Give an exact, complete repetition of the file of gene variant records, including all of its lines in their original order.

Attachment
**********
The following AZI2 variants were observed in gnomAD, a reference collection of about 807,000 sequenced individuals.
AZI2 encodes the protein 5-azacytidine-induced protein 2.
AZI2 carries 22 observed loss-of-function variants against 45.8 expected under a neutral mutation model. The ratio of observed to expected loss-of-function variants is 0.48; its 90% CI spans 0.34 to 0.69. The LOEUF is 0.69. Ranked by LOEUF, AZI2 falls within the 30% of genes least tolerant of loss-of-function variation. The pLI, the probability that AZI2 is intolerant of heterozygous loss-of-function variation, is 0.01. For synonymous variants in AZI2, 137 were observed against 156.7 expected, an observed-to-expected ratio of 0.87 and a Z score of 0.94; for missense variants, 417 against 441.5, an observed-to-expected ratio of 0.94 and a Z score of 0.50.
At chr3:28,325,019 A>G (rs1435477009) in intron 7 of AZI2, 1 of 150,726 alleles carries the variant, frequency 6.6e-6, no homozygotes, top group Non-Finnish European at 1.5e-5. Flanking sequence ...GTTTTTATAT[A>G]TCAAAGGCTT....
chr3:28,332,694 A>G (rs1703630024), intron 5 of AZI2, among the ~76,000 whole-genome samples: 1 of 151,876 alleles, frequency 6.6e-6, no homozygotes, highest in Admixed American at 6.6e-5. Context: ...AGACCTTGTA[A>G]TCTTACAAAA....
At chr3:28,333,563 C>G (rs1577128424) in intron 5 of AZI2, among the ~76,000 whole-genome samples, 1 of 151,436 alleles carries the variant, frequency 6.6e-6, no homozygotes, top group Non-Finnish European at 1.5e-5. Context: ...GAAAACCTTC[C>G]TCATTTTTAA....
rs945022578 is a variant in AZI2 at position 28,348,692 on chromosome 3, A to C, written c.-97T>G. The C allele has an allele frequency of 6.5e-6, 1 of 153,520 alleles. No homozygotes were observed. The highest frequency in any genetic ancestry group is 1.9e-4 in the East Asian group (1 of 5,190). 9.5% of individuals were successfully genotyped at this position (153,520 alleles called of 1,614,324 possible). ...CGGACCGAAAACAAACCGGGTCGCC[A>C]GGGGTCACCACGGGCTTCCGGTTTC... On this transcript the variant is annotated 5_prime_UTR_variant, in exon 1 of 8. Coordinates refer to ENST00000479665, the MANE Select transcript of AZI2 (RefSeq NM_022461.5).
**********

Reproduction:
The following AZI2 variants were observed in gnomAD, a reference collection of about 807,000 sequenced individuals.
AZI2 encodes the protein 5-azacytidine-induced protein 2.
AZI2 carries 22 observed loss-of-function variants against 45.8 expected under a neutral mutation model. The ratio of observed to expected loss-of-function variants is 0.48; its 90% CI spans 0.34 to 0.69. The LOEUF is 0.69. Ranked by LOEUF, AZI2 falls within the 30% of genes least tolerant of loss-of-function variation. The pLI, the probability that AZI2 is intolerant of heterozygous loss-of-function variation, is 0.01. For synonymous variants in AZI2, 137 were observed against 156.7 expected, an observed-to-expected ratio of 0.87 and a Z score of 0.94; for missense variants, 417 against 441.5, an observed-to-expected ratio of 0.94 and a Z score of 0.50.
At chr3:28,325,019 A>G (rs1435477009) in intron 7 of AZI2, 1 of 150,726 alleles carries the variant, frequency 6.6e-6, no homozygotes, top group Non-Finnish European at 1.5e-5. Flanking sequence ...GTTTTTATAT[A>G]TCAAAGGCTT....
chr3:28,332,694 A>G (rs1703630024), intron 5 of AZI2, among the ~76,000 whole-genome samples: 1 of 151,876 alleles, frequency 6.6e-6, no homozygotes, highest in Admixed American at 6.6e-5. Context: ...AGACCTTGTA[A>G]TCTTACAAAA....
At chr3:28,333,563 C>G (rs1577128424) in intron 5 of AZI2, among the ~76,000 whole-genome samples, 1 of 151,436 alleles carries the variant, frequency 6.6e-6, no homozygotes, top group Non-Finnish European at 1.5e-5. Context: ...GAAAACCTTC[C>G]TCATTTTTAA....
rs945022578 is a variant in AZI2 at position 28,348,692 on chromosome 3, A to C, written c.-97T>G. The C allele has an allele frequency of 6.5e-6, 1 of 153,520 alleles. No homozygotes were observed. The highest frequency in any genetic ancestry group is 1.9e-4 in the East Asian group (1 of 5,190). 9.5% of individuals were successfully genotyped at this position (153,520 alleles called of 1,614,324 possible). ...CGGACCGAAAACAAACCGGGTCGCC[A>C]GGGGTCACCACGGGCTTCCGGTTTC... On this transcript the variant is annotated 5_prime_UTR_variant, in exon 1 of 8. Coordinates refer to ENST00000479665, the MANE Select transcript of AZI2 (RefSeq NM_022461.5).